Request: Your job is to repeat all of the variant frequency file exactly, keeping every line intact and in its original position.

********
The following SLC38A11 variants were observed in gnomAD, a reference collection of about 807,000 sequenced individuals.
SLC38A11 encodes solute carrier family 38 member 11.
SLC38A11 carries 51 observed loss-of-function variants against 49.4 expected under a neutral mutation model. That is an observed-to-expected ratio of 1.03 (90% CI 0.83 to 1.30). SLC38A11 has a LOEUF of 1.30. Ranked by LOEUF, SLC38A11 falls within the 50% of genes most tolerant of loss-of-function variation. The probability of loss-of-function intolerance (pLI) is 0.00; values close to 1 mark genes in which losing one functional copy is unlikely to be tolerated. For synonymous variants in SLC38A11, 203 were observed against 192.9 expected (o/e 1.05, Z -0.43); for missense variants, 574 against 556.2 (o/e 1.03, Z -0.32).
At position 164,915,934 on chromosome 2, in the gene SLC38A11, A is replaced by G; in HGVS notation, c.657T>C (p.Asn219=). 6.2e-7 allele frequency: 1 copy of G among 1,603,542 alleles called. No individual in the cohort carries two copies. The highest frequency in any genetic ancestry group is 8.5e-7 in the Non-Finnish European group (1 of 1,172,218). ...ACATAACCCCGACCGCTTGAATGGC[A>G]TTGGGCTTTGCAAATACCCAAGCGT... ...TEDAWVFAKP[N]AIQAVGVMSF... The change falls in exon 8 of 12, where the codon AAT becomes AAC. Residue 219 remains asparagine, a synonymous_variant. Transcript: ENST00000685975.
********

The following SLC38A11 variants were observed in gnomAD, a reference collection of about 807,000 sequenced individuals.
SLC38A11 encodes solute carrier family 38 member 11.
SLC38A11 carries 51 observed loss-of-function variants against 49.4 expected under a neutral mutation model. That is an observed-to-expected ratio of 1.03 (90% CI 0.83 to 1.30). SLC38A11 has a LOEUF of 1.30. Ranked by LOEUF, SLC38A11 falls within the 50% of genes most tolerant of loss-of-function variation. The probability of loss-of-function intolerance (pLI) is 0.00; values close to 1 mark genes in which losing one functional copy is unlikely to be tolerated. For synonymous variants in SLC38A11, 203 were observed against 192.9 expected (o/e 1.05, Z -0.43); for missense variants, 574 against 556.2 (o/e 1.03, Z -0.32).
At position 164,915,934 on chromosome 2, in the gene SLC38A11, A is replaced by G; in HGVS notation, c.657T>C (p.Asn219=). 6.2e-7 allele frequency: 1 copy of G among 1,603,542 alleles called. No individual in the cohort carries two copies. The highest frequency in any genetic ancestry group is 8.5e-7 in the Non-Finnish European group (1 of 1,172,218). ...ACATAACCCCGACCGCTTGAATGGC[A>G]TTGGGCTTTGCAAATACCCAAGCGT... ...TEDAWVFAKP[N]AIQAVGVMSF... The change falls in exon 8 of 12, where the codon AAT becomes AAC. Residue 219 remains asparagine, a synonymous_variant. Transcript: ENST00000685975.